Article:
Meet SYYN LABS, L.A.s geekiest creative collective.

When you step into the new 25,000-square-foot candy store Sweet! in Hollywood, Calif., you enter a confectionery wonderland. There’s a build-your-own-chocolate-bar lab, a section exclusive to Wonka treats like Gobstoppers and Bottle Caps, and an area dedicated to those various gross goodies (think gummy worms and sour Warheads) that make moms squirm. But it’s the shop’s interactive displays that make Sweet! more than a simple sugar rush: a two-story piano staircase that plays notes as you ascend; a candy construction site that operates like an arcade’s Giant Claw; and a machine that shoots gum balls through the tail pipes of an actual Ferrari, sending them zipping, twisting, looping and turning down a 750-foot track to their final destination — you. All courtesy of Syyn Labs.

Based in Los Angeles, Syyn Labs is a geeky creative collective of engineers, architects, roboticists, NASA research scientists, animators and sculptors who come together to imagine and construct multifaceted (and mostly temporary) works that combine art and science, usually for big-name businesses. Syyn Labs first gained fame by building the intricate Rube Goldberg (meaning a device far too convoluted and complex for its intended purpose) for the band OK Go’s 2010 music video, “This Too Shall Pass.” The life-size mousetrap featured more working parts than a car engine, including a soccer ball that triggered a falling piano and a rolling tire that turned on a fan, which then blew an umbrella … you get the idea — and it helped the band garner more than 37 million hits on YouTube. But even after completing projects for Microsoft, Target, Google and Chevy, Syyn Labs is merely at the start of its game. This October, the organization brought together its first Rube Goldberg machine incorporating real people — sponsored athletes such as golfer Rickie Fowler and hurdler Lolo Jones — for a Red Bull video shoot (which can be viewed on Red Bull’s website), and it has several covert projects in the works for 2013.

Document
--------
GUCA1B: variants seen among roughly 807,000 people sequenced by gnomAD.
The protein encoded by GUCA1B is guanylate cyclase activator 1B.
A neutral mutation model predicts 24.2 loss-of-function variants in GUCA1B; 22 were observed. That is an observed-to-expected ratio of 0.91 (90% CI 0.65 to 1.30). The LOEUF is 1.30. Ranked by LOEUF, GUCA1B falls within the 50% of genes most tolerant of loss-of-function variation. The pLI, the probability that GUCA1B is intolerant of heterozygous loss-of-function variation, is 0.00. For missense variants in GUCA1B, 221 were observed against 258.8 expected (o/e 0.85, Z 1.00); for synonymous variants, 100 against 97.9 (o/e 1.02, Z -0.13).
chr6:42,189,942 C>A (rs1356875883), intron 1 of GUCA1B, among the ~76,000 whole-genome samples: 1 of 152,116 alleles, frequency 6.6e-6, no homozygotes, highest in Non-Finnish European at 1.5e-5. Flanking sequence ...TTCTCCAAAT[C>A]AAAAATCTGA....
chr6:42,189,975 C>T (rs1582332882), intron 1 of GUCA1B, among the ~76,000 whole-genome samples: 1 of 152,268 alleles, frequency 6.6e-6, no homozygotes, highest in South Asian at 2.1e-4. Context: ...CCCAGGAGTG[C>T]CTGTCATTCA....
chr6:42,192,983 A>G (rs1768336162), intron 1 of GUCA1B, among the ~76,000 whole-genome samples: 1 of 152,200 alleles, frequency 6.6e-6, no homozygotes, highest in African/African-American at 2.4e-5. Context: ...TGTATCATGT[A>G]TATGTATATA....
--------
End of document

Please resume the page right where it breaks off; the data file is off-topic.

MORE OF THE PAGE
Sadowsky and Doar reviewing the construction of a new project

“I love heading to work every day because there’s always so much going on,” says Adam Sadowsky, Syyn Labs’ president and self-proclaimed chief instigator. “When we’re in the middle of a build, every [part] of our shop has something happening: In one corner, someone’s trying to figure out how to get a typewriter to set a golf club in motion, in another we’re trying to train mice to run on command. It’s both bizarre and fantastic.”

An entrepreneur who’s worked on video games and product design, 42-year-old Sadowsky got the idea for Syyn Labs in 2009 after befriending some of the residents at L.A.’s Brewery Lofts, the 300-unit Pabst Blue Ribbon facility-turned-artist colony where he lives. One of them was former Syyn Labs partner Doug Campbell. “Doug started this recurring networking event called Mindshare L.A., which I helped run,” Sadowsky says. “Once a month, 150 to 400 people would show up to drink, mingle and listen to talks on everything from biology to cooking to human behavior.” Eventually, attendees started to bring along interactive­ elements to set up in the lobby — things like digital smoke that changes colors as you move through it and Punch Bob, a martial-arts dummy with a built-in impact sensor that snaps a photo when you punch it, then immediately projects the photo onto a nearby­ wall. “It didn’t take long for me to realize this was great stuff and a group of really talented people whose skills should be used for something good.” Around the same time, the band OK Go contacted someone in Sadowsky’s circle and said it was looking for a team to build a machine it could dance with. The rest is, well, history.